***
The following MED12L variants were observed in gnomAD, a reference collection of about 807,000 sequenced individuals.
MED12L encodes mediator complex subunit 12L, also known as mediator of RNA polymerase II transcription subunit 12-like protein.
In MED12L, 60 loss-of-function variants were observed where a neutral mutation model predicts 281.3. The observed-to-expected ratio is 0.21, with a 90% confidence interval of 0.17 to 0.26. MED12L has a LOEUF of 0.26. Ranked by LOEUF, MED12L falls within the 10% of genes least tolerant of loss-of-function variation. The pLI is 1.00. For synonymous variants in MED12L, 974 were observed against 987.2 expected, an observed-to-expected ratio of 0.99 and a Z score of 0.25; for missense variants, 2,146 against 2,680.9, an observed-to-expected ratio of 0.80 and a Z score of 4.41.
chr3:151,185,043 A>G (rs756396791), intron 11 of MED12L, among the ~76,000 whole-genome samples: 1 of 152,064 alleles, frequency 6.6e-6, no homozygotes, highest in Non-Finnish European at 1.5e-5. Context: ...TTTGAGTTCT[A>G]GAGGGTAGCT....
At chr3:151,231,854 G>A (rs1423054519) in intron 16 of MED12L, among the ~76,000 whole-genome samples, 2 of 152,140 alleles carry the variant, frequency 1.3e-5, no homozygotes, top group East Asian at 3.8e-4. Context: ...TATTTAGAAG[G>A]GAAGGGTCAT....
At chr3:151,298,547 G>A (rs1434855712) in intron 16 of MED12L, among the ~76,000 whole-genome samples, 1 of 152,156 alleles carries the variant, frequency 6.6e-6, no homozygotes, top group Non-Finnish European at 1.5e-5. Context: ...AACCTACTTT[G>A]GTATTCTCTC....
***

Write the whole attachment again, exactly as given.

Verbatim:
The following MED12L variants were observed in gnomAD, a reference collection of about 807,000 sequenced individuals.
MED12L encodes mediator complex subunit 12L, also known as mediator of RNA polymerase II transcription subunit 12-like protein.
In MED12L, 60 loss-of-function variants were observed where a neutral mutation model predicts 281.3. The observed-to-expected ratio is 0.21, with a 90% confidence interval of 0.17 to 0.26. MED12L has a LOEUF of 0.26. Ranked by LOEUF, MED12L falls within the 10% of genes least tolerant of loss-of-function variation. The pLI is 1.00. For synonymous variants in MED12L, 974 were observed against 987.2 expected, an observed-to-expected ratio of 0.99 and a Z score of 0.25; for missense variants, 2,146 against 2,680.9, an observed-to-expected ratio of 0.80 and a Z score of 4.41.
chr3:151,185,043 A>G (rs756396791), intron 11 of MED12L, among the ~76,000 whole-genome samples: 1 of 152,064 alleles, frequency 6.6e-6, no homozygotes, highest in Non-Finnish European at 1.5e-5. Context: ...TTTGAGTTCT[A>G]GAGGGTAGCT....
At chr3:151,231,854 G>A (rs1423054519) in intron 16 of MED12L, among the ~76,000 whole-genome samples, 2 of 152,140 alleles carry the variant, frequency 1.3e-5, no homozygotes, top group East Asian at 3.8e-4. Context: ...TATTTAGAAG[G>A]GAAGGGTCAT....
At chr3:151,298,547 G>A (rs1434855712) in intron 16 of MED12L, among the ~76,000 whole-genome samples, 1 of 152,156 alleles carries the variant, frequency 6.6e-6, no homozygotes, top group Non-Finnish European at 1.5e-5. Context: ...AACCTACTTT[G>A]GTATTCTCTC....